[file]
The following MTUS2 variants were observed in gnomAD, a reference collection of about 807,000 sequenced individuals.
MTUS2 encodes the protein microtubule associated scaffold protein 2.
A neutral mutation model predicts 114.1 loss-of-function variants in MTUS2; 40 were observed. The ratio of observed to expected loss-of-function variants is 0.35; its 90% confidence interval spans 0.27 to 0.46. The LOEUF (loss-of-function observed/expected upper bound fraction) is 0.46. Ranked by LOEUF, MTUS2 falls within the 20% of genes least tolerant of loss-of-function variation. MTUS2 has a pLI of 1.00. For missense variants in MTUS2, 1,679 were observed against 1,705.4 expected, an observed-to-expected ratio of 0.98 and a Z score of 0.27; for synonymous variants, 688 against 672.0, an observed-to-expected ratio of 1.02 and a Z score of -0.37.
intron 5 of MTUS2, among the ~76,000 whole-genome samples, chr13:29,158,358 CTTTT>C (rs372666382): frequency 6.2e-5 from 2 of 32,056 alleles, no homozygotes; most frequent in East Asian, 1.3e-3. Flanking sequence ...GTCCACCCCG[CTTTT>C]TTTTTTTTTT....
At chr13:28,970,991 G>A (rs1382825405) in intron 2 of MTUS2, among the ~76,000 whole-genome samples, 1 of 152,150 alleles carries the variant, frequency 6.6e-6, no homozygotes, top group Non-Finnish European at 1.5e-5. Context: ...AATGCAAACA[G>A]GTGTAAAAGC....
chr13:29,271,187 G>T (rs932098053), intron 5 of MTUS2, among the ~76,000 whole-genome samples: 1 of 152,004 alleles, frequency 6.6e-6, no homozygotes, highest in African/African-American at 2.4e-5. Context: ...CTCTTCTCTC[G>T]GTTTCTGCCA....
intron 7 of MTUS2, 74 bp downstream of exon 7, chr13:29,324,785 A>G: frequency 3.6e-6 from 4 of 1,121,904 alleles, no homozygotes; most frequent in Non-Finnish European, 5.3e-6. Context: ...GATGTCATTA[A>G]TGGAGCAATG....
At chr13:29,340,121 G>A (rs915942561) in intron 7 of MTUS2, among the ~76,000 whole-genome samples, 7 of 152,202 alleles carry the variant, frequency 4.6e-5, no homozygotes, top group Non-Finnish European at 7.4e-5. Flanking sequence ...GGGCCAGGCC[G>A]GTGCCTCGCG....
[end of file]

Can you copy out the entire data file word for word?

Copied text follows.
The following MTUS2 variants were observed in gnomAD, a reference collection of about 807,000 sequenced individuals.
MTUS2 encodes the protein microtubule associated scaffold protein 2.
A neutral mutation model predicts 114.1 loss-of-function variants in MTUS2; 40 were observed. The ratio of observed to expected loss-of-function variants is 0.35; its 90% confidence interval spans 0.27 to 0.46. The LOEUF (loss-of-function observed/expected upper bound fraction) is 0.46. Ranked by LOEUF, MTUS2 falls within the 20% of genes least tolerant of loss-of-function variation. MTUS2 has a pLI of 1.00. For missense variants in MTUS2, 1,679 were observed against 1,705.4 expected, an observed-to-expected ratio of 0.98 and a Z score of 0.27; for synonymous variants, 688 against 672.0, an observed-to-expected ratio of 1.02 and a Z score of -0.37.
intron 5 of MTUS2, among the ~76,000 whole-genome samples, chr13:29,158,358 CTTTT>C (rs372666382): frequency 6.2e-5 from 2 of 32,056 alleles, no homozygotes; most frequent in East Asian, 1.3e-3. Flanking sequence ...GTCCACCCCG[CTTTT>C]TTTTTTTTTT....
At chr13:28,970,991 G>A (rs1382825405) in intron 2 of MTUS2, among the ~76,000 whole-genome samples, 1 of 152,150 alleles carries the variant, frequency 6.6e-6, no homozygotes, top group Non-Finnish European at 1.5e-5. Context: ...AATGCAAACA[G>A]GTGTAAAAGC....
chr13:29,271,187 G>T (rs932098053), intron 5 of MTUS2, among the ~76,000 whole-genome samples: 1 of 152,004 alleles, frequency 6.6e-6, no homozygotes, highest in African/African-American at 2.4e-5. Context: ...CTCTTCTCTC[G>T]GTTTCTGCCA....
intron 7 of MTUS2, 74 bp downstream of exon 7, chr13:29,324,785 A>G: frequency 3.6e-6 from 4 of 1,121,904 alleles, no homozygotes; most frequent in Non-Finnish European, 5.3e-6. Context: ...GATGTCATTA[A>G]TGGAGCAATG....
At chr13:29,340,121 G>A (rs915942561) in intron 7 of MTUS2, among the ~76,000 whole-genome samples, 7 of 152,202 alleles carry the variant, frequency 4.6e-5, no homozygotes, top group Non-Finnish European at 7.4e-5. Flanking sequence ...GGGCCAGGCC[G>A]GTGCCTCGCG....